Ten weeks ago, racehorse Red Verdon began a journey to the other side of the world to compete in the famous Melbourne Cup. But what set out as a fairly routine trip for the Ed Dunlop-trained five-year-old turned into a luckless adventure, with a string of misfortunes befalling the chestnut and his devoted lad Robin Trevor-Jones, the trainer’s assistant.

The saga began in September, when Red Verdon joined 18 other horses on a flight to Australia. Mid-route from London, the cargo plane sustained a cracked windscreen, which meant a significant delay at Sharjah airport in the UAE. The horses were stranded on the tarmac for some 14 hours while the problem was sorted.

After the planeload of equines finally reached Australia, Red Verdon was entered in the Caulfield Cup as a prep run for the big race. The Group One race is always a tactical affair due to the track’s undulations and sharp turns, and with 18 horses going to post, jockeys were jostling for position in a slowly run race. Red Verdon’s rider Zac Purton effectively found himself blocked in two furlongs from home and never managed to challenge, finishing 11th.

Red Verdon’s next target was the Melbourne Cup at the start of November, but a hoof abscess flared up just before the Flemington race.

“It was unfortunate and just bad timing,” said travelling head lad Robin Trevor-Jones. “The abscess took its time to burst. We trotted him up after his gallop, on the Saturday before the Cup, and he was OK but not 100 per cent.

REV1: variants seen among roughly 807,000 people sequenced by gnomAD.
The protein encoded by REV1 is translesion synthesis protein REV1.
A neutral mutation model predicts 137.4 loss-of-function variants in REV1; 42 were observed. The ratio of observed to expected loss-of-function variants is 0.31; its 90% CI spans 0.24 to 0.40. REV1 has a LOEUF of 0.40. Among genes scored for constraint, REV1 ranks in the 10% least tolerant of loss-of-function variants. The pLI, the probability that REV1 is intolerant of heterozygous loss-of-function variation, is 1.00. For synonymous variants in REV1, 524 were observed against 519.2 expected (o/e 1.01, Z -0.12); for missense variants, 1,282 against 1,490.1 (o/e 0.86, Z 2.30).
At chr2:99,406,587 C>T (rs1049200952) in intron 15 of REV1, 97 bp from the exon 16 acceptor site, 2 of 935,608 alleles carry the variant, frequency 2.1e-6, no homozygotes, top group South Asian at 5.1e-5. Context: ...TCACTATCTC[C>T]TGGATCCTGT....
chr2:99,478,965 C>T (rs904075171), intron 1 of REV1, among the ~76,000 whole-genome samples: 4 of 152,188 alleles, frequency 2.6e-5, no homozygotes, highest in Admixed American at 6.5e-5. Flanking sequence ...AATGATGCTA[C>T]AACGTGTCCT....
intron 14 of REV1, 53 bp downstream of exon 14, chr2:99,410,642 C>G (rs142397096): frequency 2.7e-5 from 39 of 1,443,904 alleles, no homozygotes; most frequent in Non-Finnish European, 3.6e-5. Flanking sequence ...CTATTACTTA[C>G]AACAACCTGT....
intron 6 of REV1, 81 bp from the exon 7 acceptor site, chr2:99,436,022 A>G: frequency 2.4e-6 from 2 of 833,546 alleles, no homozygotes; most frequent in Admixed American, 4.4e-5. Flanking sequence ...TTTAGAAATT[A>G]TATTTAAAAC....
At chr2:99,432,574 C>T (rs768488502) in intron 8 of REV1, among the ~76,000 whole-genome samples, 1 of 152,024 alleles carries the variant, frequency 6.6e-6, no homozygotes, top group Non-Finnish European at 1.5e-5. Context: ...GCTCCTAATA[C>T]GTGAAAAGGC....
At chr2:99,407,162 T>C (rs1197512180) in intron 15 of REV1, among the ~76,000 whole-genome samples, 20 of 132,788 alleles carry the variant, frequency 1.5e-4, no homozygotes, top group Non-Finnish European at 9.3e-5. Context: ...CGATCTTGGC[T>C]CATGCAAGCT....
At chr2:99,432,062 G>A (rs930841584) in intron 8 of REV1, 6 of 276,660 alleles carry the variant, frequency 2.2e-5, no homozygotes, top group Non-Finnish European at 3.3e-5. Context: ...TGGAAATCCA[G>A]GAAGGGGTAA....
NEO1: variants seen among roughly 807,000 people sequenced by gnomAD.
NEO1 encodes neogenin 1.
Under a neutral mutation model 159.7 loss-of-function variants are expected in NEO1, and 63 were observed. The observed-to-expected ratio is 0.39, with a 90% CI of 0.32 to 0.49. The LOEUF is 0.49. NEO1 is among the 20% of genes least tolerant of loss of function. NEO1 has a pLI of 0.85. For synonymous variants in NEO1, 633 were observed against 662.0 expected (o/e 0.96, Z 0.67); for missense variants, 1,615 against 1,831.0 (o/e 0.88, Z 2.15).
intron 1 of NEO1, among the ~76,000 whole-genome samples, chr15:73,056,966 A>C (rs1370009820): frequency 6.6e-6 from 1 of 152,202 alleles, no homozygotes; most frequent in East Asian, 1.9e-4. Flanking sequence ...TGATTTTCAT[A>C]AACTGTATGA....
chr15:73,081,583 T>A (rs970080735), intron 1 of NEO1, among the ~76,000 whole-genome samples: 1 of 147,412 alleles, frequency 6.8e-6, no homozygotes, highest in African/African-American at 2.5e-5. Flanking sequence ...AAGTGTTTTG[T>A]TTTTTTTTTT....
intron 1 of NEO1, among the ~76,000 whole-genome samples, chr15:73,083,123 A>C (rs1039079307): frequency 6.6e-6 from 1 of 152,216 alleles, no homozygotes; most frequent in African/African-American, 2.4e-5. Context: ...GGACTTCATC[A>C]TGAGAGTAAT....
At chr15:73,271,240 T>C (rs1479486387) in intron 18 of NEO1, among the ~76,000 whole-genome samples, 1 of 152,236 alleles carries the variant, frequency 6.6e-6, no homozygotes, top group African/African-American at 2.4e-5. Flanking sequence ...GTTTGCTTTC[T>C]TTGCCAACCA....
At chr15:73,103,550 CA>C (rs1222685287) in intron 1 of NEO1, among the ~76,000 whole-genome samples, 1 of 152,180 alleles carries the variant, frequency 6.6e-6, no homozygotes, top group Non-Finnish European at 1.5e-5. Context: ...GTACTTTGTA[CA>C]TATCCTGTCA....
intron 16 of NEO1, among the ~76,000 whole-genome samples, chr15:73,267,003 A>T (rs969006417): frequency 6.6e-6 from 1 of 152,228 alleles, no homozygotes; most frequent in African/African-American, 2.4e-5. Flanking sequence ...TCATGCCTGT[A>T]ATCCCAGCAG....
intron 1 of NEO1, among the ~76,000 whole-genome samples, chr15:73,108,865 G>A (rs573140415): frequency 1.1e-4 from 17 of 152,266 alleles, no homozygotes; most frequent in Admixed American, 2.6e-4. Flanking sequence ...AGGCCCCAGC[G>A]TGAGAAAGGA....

“We then jogged him up around 3.30 in the afternoon and he felt OK but we still had to be concerned about what sort of race he’d run. So, the decision was made to pull the plug and give his foot every chance to get over it.”

Instead, Robin and Red Verdon have now made the comparatively short hop from Australia to Hong Kong where trainer Ed Dunlop hopes his charge will have better luck racing in the hugely valuable Longines Hong Kong Vase at Sha Tin racecourse this Sunday (9 December).

“It was a frustrating time in Melbourne but we’re through that now and ready for another chapter,” said Robin. “You could say, at least, that he’s a fresh horse on the scene for this race and hopefully he can run well. But to be realistic, it does look quite a good Vase his year.”

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“He’s taking it all in here. We took him to the paddock on Thursday and Friday last week and that woke him up a bit and he’s done really well over the weekend.
“His foot is good and he coped really well with the travel here. It’s only eight or nine hours from Australia, which is nothing compared to Newmarket to Melbourne with a cracked windscreen,” he said.

They say bad luck comes in threes so finally, after two months away from home and more than 20,000 miles in the air, perhaps Lady Luck will now return to give Red Verdon the victory he must surely deserve.

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